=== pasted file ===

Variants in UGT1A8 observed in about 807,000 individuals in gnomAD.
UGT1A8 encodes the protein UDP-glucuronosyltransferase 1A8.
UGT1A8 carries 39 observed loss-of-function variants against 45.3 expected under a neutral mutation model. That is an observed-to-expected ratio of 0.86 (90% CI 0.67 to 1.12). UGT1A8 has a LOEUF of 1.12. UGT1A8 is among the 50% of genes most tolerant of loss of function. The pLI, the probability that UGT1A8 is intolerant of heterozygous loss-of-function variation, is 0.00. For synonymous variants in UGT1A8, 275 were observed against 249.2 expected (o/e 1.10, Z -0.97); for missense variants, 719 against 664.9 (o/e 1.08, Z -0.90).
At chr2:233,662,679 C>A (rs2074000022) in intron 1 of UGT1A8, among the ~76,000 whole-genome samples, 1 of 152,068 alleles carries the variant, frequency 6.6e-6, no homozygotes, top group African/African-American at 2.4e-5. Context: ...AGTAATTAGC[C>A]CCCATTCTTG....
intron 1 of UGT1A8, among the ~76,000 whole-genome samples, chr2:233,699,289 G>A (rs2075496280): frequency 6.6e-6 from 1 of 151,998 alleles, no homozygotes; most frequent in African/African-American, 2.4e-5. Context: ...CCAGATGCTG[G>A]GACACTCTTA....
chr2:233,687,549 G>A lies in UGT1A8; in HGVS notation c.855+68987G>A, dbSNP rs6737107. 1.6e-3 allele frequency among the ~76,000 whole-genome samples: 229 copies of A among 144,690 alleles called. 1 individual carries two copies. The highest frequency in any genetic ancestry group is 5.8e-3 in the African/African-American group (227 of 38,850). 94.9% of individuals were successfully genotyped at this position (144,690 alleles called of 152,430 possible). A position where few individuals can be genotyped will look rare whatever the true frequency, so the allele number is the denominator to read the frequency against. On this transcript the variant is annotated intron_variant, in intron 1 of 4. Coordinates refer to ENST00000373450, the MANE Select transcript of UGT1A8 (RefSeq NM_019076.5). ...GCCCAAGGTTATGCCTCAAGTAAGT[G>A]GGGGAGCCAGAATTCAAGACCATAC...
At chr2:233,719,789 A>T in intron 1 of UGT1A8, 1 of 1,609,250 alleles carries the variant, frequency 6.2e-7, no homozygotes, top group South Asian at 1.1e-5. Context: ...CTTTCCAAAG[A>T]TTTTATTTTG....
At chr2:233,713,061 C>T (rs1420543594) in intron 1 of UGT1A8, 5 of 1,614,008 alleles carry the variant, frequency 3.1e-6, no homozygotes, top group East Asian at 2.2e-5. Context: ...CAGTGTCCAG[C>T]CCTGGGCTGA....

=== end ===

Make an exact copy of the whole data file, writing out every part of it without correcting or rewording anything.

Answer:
Variants in UGT1A8 observed in about 807,000 individuals in gnomAD.
UGT1A8 encodes the protein UDP-glucuronosyltransferase 1A8.
UGT1A8 carries 39 observed loss-of-function variants against 45.3 expected under a neutral mutation model. That is an observed-to-expected ratio of 0.86 (90% CI 0.67 to 1.12). UGT1A8 has a LOEUF of 1.12. UGT1A8 is among the 50% of genes most tolerant of loss of function. The pLI, the probability that UGT1A8 is intolerant of heterozygous loss-of-function variation, is 0.00. For synonymous variants in UGT1A8, 275 were observed against 249.2 expected (o/e 1.10, Z -0.97); for missense variants, 719 against 664.9 (o/e 1.08, Z -0.90).
At chr2:233,662,679 C>A (rs2074000022) in intron 1 of UGT1A8, among the ~76,000 whole-genome samples, 1 of 152,068 alleles carries the variant, frequency 6.6e-6, no homozygotes, top group African/African-American at 2.4e-5. Context: ...AGTAATTAGC[C>A]CCCATTCTTG....
intron 1 of UGT1A8, among the ~76,000 whole-genome samples, chr2:233,699,289 G>A (rs2075496280): frequency 6.6e-6 from 1 of 151,998 alleles, no homozygotes; most frequent in African/African-American, 2.4e-5. Context: ...CCAGATGCTG[G>A]GACACTCTTA....
chr2:233,687,549 G>A lies in UGT1A8; in HGVS notation c.855+68987G>A, dbSNP rs6737107. 1.6e-3 allele frequency among the ~76,000 whole-genome samples: 229 copies of A among 144,690 alleles called. 1 individual carries two copies. The highest frequency in any genetic ancestry group is 5.8e-3 in the African/African-American group (227 of 38,850). 94.9% of individuals were successfully genotyped at this position (144,690 alleles called of 152,430 possible). A position where few individuals can be genotyped will look rare whatever the true frequency, so the allele number is the denominator to read the frequency against. On this transcript the variant is annotated intron_variant, in intron 1 of 4. Coordinates refer to ENST00000373450, the MANE Select transcript of UGT1A8 (RefSeq NM_019076.5). ...GCCCAAGGTTATGCCTCAAGTAAGT[G>A]GGGGAGCCAGAATTCAAGACCATAC...
At chr2:233,719,789 A>T in intron 1 of UGT1A8, 1 of 1,609,250 alleles carries the variant, frequency 6.2e-7, no homozygotes, top group South Asian at 1.1e-5. Context: ...CTTTCCAAAG[A>T]TTTTATTTTG....
At chr2:233,713,061 C>T (rs1420543594) in intron 1 of UGT1A8, 5 of 1,614,008 alleles carry the variant, frequency 3.1e-6, no homozygotes, top group East Asian at 2.2e-5. Context: ...CAGTGTCCAG[C>T]CCTGGGCTGA....